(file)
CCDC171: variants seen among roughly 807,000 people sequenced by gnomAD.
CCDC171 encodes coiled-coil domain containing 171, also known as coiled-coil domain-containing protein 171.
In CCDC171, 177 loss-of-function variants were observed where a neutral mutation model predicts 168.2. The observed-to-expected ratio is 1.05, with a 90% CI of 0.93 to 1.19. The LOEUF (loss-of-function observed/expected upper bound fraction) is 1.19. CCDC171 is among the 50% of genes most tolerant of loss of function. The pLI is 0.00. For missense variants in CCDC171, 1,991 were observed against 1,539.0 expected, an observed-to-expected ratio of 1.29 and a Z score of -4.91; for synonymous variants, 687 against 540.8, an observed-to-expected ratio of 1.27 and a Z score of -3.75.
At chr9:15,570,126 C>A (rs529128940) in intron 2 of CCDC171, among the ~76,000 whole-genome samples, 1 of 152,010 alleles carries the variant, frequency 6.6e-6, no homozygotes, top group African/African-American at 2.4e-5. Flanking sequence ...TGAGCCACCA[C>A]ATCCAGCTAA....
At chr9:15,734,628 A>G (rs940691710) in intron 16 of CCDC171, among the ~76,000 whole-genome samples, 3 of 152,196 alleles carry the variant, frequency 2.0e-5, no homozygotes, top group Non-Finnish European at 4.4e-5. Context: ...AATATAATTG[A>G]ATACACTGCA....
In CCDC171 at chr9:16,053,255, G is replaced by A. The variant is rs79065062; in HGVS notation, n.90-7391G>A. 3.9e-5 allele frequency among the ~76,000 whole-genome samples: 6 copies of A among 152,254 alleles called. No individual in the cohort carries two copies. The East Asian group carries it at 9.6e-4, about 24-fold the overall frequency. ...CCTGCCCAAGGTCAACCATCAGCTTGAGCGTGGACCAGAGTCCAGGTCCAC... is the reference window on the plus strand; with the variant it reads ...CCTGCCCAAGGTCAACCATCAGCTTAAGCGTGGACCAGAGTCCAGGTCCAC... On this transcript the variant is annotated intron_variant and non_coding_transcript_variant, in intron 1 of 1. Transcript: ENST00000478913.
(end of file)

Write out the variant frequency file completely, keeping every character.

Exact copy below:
CCDC171: variants seen among roughly 807,000 people sequenced by gnomAD.
CCDC171 encodes coiled-coil domain containing 171, also known as coiled-coil domain-containing protein 171.
In CCDC171, 177 loss-of-function variants were observed where a neutral mutation model predicts 168.2. The observed-to-expected ratio is 1.05, with a 90% CI of 0.93 to 1.19. The LOEUF (loss-of-function observed/expected upper bound fraction) is 1.19. CCDC171 is among the 50% of genes most tolerant of loss of function. The pLI is 0.00. For missense variants in CCDC171, 1,991 were observed against 1,539.0 expected, an observed-to-expected ratio of 1.29 and a Z score of -4.91; for synonymous variants, 687 against 540.8, an observed-to-expected ratio of 1.27 and a Z score of -3.75.
At chr9:15,570,126 C>A (rs529128940) in intron 2 of CCDC171, among the ~76,000 whole-genome samples, 1 of 152,010 alleles carries the variant, frequency 6.6e-6, no homozygotes, top group African/African-American at 2.4e-5. Flanking sequence ...TGAGCCACCA[C>A]ATCCAGCTAA....
At chr9:15,734,628 A>G (rs940691710) in intron 16 of CCDC171, among the ~76,000 whole-genome samples, 3 of 152,196 alleles carry the variant, frequency 2.0e-5, no homozygotes, top group Non-Finnish European at 4.4e-5. Context: ...AATATAATTG[A>G]ATACACTGCA....
In CCDC171 at chr9:16,053,255, G is replaced by A. The variant is rs79065062; in HGVS notation, n.90-7391G>A. 3.9e-5 allele frequency among the ~76,000 whole-genome samples: 6 copies of A among 152,254 alleles called. No individual in the cohort carries two copies. The East Asian group carries it at 9.6e-4, about 24-fold the overall frequency. ...CCTGCCCAAGGTCAACCATCAGCTTGAGCGTGGACCAGAGTCCAGGTCCAC... is the reference window on the plus strand; with the variant it reads ...CCTGCCCAAGGTCAACCATCAGCTTAAGCGTGGACCAGAGTCCAGGTCCAC... On this transcript the variant is annotated intron_variant and non_coding_transcript_variant, in intron 1 of 1. Transcript: ENST00000478913.